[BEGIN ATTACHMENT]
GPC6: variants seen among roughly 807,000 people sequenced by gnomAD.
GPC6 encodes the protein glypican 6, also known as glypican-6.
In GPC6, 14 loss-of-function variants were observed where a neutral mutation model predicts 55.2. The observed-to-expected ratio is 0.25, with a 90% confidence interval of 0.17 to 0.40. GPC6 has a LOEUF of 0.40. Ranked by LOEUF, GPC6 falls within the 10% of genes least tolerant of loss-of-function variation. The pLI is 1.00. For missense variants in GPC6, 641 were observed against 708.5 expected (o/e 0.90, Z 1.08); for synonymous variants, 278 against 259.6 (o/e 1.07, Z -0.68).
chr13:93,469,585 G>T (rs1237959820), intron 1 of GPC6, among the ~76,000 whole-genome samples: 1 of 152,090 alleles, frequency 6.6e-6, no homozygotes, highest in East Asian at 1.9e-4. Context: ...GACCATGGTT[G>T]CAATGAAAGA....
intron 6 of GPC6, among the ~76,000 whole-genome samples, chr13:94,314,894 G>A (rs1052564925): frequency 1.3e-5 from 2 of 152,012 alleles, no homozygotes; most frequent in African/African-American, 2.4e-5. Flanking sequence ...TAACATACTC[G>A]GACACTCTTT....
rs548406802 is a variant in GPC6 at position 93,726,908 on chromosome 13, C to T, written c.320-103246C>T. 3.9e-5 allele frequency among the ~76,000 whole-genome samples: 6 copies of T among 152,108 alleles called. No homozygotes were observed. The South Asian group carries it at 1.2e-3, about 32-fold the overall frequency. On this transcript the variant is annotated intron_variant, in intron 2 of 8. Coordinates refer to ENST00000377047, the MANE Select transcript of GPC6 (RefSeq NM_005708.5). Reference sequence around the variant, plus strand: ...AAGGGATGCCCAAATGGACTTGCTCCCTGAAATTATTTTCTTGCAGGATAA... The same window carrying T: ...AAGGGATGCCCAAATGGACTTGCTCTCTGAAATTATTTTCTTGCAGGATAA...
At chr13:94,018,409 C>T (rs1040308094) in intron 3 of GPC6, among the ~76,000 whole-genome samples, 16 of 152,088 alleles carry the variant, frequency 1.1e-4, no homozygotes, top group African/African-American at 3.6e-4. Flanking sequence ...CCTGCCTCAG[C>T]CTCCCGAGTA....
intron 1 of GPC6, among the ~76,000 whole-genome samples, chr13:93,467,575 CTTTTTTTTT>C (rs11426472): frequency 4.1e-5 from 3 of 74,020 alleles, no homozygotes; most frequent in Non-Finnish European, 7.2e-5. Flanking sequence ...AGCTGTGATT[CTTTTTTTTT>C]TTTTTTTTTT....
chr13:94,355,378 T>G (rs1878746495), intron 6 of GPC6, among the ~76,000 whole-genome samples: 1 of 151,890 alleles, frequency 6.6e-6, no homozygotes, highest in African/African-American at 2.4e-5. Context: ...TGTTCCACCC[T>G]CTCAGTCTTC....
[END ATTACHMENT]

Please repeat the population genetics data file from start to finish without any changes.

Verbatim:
GPC6: variants seen among roughly 807,000 people sequenced by gnomAD.
GPC6 encodes the protein glypican 6, also known as glypican-6.
In GPC6, 14 loss-of-function variants were observed where a neutral mutation model predicts 55.2. The observed-to-expected ratio is 0.25, with a 90% confidence interval of 0.17 to 0.40. GPC6 has a LOEUF of 0.40. Ranked by LOEUF, GPC6 falls within the 10% of genes least tolerant of loss-of-function variation. The pLI is 1.00. For missense variants in GPC6, 641 were observed against 708.5 expected (o/e 0.90, Z 1.08); for synonymous variants, 278 against 259.6 (o/e 1.07, Z -0.68).
chr13:93,469,585 G>T (rs1237959820), intron 1 of GPC6, among the ~76,000 whole-genome samples: 1 of 152,090 alleles, frequency 6.6e-6, no homozygotes, highest in East Asian at 1.9e-4. Context: ...GACCATGGTT[G>T]CAATGAAAGA....
intron 6 of GPC6, among the ~76,000 whole-genome samples, chr13:94,314,894 G>A (rs1052564925): frequency 1.3e-5 from 2 of 152,012 alleles, no homozygotes; most frequent in African/African-American, 2.4e-5. Flanking sequence ...TAACATACTC[G>A]GACACTCTTT....
rs548406802 is a variant in GPC6 at position 93,726,908 on chromosome 13, C to T, written c.320-103246C>T. 3.9e-5 allele frequency among the ~76,000 whole-genome samples: 6 copies of T among 152,108 alleles called. No homozygotes were observed. The South Asian group carries it at 1.2e-3, about 32-fold the overall frequency. On this transcript the variant is annotated intron_variant, in intron 2 of 8. Coordinates refer to ENST00000377047, the MANE Select transcript of GPC6 (RefSeq NM_005708.5). Reference sequence around the variant, plus strand: ...AAGGGATGCCCAAATGGACTTGCTCCCTGAAATTATTTTCTTGCAGGATAA... The same window carrying T: ...AAGGGATGCCCAAATGGACTTGCTCTCTGAAATTATTTTCTTGCAGGATAA...
At chr13:94,018,409 C>T (rs1040308094) in intron 3 of GPC6, among the ~76,000 whole-genome samples, 16 of 152,088 alleles carry the variant, frequency 1.1e-4, no homozygotes, top group African/African-American at 3.6e-4. Flanking sequence ...CCTGCCTCAG[C>T]CTCCCGAGTA....
intron 1 of GPC6, among the ~76,000 whole-genome samples, chr13:93,467,575 CTTTTTTTTT>C (rs11426472): frequency 4.1e-5 from 3 of 74,020 alleles, no homozygotes; most frequent in Non-Finnish European, 7.2e-5. Flanking sequence ...AGCTGTGATT[CTTTTTTTTT>C]TTTTTTTTTT....
chr13:94,355,378 T>G (rs1878746495), intron 6 of GPC6, among the ~76,000 whole-genome samples: 1 of 151,890 alleles, frequency 6.6e-6, no homozygotes, highest in African/African-American at 2.4e-5. Context: ...TGTTCCACCC[T>G]CTCAGTCTTC....